St. Patrick's Day Celebration
beef and cabbage is a traditional St. Patrick's Day dish. In 2009, roughly 26.1
billion pounds of beef and 2.3 billion pounds of cabbage were produced in the United States.
soda bread gets its name and distinctive character from the use of baking soda
rather than yeast as a leavening agent.
green chrysanthemums are often requested for St. Patrick's Day parades and
St Patrick's Day Flag
of Shrine of St. Patrick's Bell.
Illustration from book, Historic ornament : treatise on decorative art and
architectural ornament, vol.2 by James Ward (1851 - 1924)
St. Patrick's Day Parade
first St. Patrick's Day parade took place in the United
States on March 17, 1762, when Irish soldiers serving in
the English military marched through
New York City
than 100 St.
Patrick's Day parades are held across the United States. New
York City and Boston
are home to the largest celebrations.
annual New York City St. Patrick's Day parade, participants march up 5th Avenue from 44th Street to 86th Street. More
than 150,000 people take part in the event, which does not allow automobiles or
Places to Spend St. Patrick's Day
are four places in the United States named after the shamrock, the floral
emblem of Ireland: Mount Gay-Shamrock, WV; Shamrock, TX; Shamrock
Lakes, IN; and
U.S. towns share the name of Ireland's capital, Dublin. With 44,541 residents, Dublin, CA, is the
largest of the nice, followed by Dublin,
OH, with 39,310.
towns with the luck of the Irish include Emerald Isle,
Music is often associated with
St. Patrick's Day—and Irish culture in general. From
ancient days of the Celts, music has always been an important part of Irish
life. The Celts had an oral culture, where religion, legend and history were
passed from one generation to the next by way of stories and songs. After being
conquered by the English, and forbidden to speak their own language, the Irish,
like other oppressed peoples, turned to music to help them remember important
events and hold on to their heritage and history. As it often stirred emotion
and helped to galvanize people, music was outlawed by the English. During her
I even decreed that all artists and
pipers were to be arrested and hanged on the spot.
Today, traditional Irish bands like
The Chieftains, the Clancy Brothers and Tommy Makem are gaining worldwide
popularity. Their music is produced with instruments that have been used for
centuries, including the fiddle, the uilleann pipes (a sort of elaborate
bagpipe), the tin whistle (a sort of flute that is actually made of
nickel-silver, brass or aluminum) and the bodhran (an ancient type of framedrum
that was traditionally used in warfare rather than music).
It has long been recounted that,
during his mission in Ireland,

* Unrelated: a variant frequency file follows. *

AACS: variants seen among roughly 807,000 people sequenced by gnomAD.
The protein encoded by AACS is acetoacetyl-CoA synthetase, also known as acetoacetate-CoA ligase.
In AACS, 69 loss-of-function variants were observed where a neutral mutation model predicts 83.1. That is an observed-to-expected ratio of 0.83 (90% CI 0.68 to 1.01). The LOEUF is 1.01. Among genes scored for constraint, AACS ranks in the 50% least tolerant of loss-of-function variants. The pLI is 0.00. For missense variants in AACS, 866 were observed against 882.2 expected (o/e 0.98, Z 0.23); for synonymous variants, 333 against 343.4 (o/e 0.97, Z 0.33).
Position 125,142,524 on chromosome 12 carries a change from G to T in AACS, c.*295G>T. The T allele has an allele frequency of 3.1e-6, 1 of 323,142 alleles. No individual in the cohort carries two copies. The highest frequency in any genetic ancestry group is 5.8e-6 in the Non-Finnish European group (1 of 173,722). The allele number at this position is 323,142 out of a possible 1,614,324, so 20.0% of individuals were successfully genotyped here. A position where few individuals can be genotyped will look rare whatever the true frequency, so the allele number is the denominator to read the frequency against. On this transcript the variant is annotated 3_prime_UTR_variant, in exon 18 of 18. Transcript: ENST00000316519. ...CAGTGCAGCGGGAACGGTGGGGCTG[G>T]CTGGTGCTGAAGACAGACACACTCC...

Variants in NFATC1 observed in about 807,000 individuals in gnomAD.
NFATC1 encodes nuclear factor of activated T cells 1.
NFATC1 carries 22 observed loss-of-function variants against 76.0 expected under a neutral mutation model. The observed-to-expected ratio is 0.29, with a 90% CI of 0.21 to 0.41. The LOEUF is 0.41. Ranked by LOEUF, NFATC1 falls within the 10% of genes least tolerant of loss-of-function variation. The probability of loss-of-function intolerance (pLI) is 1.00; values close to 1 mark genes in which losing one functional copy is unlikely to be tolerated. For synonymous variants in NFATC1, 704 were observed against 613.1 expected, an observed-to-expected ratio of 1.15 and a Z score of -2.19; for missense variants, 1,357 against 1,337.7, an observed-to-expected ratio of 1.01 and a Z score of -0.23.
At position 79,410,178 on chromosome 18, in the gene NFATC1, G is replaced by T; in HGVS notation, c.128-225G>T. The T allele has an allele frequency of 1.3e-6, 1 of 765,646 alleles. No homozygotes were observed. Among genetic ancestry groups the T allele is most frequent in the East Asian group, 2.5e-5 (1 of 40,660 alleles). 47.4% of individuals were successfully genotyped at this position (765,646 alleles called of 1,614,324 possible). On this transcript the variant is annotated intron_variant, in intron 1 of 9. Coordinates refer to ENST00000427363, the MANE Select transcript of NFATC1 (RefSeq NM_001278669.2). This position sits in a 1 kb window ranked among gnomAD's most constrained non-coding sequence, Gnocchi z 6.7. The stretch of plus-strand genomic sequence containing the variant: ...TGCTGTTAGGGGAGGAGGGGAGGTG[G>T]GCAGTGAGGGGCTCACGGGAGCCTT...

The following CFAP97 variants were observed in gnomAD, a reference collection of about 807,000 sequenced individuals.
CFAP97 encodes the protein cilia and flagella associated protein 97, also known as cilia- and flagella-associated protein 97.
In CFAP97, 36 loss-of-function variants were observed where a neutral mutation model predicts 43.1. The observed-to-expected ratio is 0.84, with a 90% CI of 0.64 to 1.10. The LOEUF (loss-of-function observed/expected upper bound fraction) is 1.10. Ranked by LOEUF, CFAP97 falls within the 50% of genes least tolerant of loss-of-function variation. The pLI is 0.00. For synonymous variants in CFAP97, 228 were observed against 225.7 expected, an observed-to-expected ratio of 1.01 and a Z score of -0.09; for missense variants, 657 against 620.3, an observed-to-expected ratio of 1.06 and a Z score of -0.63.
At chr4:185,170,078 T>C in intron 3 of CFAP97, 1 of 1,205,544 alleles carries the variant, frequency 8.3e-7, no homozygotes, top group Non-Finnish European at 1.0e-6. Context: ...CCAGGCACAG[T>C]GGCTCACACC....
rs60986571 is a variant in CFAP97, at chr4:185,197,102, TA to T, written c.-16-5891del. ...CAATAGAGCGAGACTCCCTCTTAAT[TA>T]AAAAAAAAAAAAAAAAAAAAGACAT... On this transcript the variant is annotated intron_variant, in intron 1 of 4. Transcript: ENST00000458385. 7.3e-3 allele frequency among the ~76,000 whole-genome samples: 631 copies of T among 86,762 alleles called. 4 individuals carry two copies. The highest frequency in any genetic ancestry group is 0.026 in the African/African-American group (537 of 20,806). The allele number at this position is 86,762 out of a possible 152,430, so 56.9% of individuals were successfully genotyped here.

St. Patrick once stood on a hilltop (which is now called Croagh Patrick), and
with only a wooden staff by his side, banished all the snakes from Ireland.
In fact, the island nation was never
home to any snakes. The "banishing of the snakes" was really a
metaphor for the eradication of
ideology from Ireland
and the triumph of Christianity. Within 200 years of Patrick's arrival, Ireland
was completely Christianized.
Each year, thousands of Irish
Americans gather with their loved ones on
St. Patrick's Day
to share a "traditional" meal of
corned beef and cabbage.
Though cabbage has long been an
Irish food, corned beef only began to be associated with St. Patrick's Day at
the turn of the century.
Irish immigrants living on
New York City
's Lower East Side
substituted corned beef for their traditional dish of Irish bacon to save
money. They learned about the cheaper alternative from their Jewish neighbors.
The original Irish name for these
figures of folklore is "lobaircin," meaning "small-bodied
Belief in leprechauns probably
stems from Celtic belief in fairies, tiny men and women who could use their
magical powers to serve good or evil. In Celtic folktales, leprechauns were
cranky souls, responsible for mending the shoes of the other fairies. Though
only minor figures in Celtic folklore, leprechauns were known for their
trickery, which they often used to protect their much-fabled treasure.
Leprechauns had nothing to do
with St. Patrick or the celebration of St. Patrick's Day, a Catholic holy day.
released a film called Darby O'Gill
& the Little People, which introduced America to a very different sort of
leprechaun than the cantankerous little man of Irish folklore. This cheerful,
friendly leprechaun is a purely American invention, but has quickly evolved
into an easily recognizable symbol of both St. Patrick's Day and Ireland